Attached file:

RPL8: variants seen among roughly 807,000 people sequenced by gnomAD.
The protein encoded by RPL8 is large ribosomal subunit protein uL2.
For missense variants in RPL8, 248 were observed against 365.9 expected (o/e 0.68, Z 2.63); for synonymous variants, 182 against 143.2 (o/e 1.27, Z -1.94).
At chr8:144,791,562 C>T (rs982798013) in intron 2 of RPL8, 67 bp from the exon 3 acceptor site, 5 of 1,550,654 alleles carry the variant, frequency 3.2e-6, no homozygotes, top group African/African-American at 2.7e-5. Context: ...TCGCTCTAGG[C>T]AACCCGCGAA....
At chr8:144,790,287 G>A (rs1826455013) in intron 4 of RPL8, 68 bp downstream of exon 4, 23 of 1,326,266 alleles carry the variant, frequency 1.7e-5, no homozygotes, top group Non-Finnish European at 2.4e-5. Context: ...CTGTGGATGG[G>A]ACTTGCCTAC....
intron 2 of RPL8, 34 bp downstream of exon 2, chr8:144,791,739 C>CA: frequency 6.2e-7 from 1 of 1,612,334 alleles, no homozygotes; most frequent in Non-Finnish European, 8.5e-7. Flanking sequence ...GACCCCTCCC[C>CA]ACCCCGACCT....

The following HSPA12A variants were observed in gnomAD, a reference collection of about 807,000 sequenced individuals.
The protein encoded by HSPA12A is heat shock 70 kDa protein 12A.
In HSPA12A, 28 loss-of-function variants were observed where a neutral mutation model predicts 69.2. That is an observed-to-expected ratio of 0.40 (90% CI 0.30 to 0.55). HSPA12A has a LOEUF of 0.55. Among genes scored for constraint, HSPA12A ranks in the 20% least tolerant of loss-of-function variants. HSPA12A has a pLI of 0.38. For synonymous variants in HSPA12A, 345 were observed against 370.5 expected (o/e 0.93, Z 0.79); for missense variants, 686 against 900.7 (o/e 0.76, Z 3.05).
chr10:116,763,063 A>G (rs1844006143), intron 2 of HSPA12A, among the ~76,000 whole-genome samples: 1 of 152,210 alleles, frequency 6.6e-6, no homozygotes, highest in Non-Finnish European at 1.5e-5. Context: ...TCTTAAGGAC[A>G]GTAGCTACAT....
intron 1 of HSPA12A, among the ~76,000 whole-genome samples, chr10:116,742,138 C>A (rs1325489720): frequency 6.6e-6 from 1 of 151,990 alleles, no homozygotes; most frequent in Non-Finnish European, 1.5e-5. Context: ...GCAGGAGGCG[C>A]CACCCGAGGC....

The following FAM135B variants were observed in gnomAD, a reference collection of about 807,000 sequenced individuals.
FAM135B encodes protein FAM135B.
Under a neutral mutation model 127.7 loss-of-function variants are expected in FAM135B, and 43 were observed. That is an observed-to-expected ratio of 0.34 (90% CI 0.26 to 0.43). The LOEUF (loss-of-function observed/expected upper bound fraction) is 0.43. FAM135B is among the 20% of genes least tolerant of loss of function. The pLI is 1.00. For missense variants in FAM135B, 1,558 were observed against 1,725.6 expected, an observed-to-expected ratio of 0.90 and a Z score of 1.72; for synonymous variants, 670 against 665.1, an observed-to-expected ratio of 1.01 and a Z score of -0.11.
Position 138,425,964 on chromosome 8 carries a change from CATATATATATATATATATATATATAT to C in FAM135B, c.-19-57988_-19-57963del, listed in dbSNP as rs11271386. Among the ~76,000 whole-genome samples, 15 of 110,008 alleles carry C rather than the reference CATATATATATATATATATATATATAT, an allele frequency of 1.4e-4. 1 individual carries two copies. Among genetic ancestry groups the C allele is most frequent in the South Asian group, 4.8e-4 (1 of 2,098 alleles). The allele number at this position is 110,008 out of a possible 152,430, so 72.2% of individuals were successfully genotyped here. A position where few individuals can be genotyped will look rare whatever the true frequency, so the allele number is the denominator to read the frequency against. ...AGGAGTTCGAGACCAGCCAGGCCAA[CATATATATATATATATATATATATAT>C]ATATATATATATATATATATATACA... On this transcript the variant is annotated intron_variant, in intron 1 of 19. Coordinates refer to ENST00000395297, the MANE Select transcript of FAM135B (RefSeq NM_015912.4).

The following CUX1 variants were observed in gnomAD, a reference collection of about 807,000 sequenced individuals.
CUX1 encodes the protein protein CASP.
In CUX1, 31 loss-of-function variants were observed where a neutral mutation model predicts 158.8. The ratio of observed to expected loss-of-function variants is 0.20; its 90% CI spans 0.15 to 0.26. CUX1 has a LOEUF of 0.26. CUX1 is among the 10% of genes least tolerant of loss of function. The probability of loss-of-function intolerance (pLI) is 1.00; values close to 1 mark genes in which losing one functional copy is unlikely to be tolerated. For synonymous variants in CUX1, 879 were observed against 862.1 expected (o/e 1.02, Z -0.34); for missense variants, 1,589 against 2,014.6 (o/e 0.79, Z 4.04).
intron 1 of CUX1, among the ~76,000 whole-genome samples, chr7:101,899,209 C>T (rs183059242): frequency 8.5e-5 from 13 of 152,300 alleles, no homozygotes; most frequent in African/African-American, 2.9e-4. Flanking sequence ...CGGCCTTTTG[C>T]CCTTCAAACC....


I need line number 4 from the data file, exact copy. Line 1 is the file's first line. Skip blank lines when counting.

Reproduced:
At chr8:144,791,562 C>T (rs982798013) in intron 2 of RPL8, 67 bp from the exon 3 acceptor site, 5 of 1,550,654 alleles carry the variant, frequency 3.2e-6, no homozygotes, top group African/African-American at 2.7e-5. Context: ...TCGCTCTAGG[C>T]AACCCGCGAA....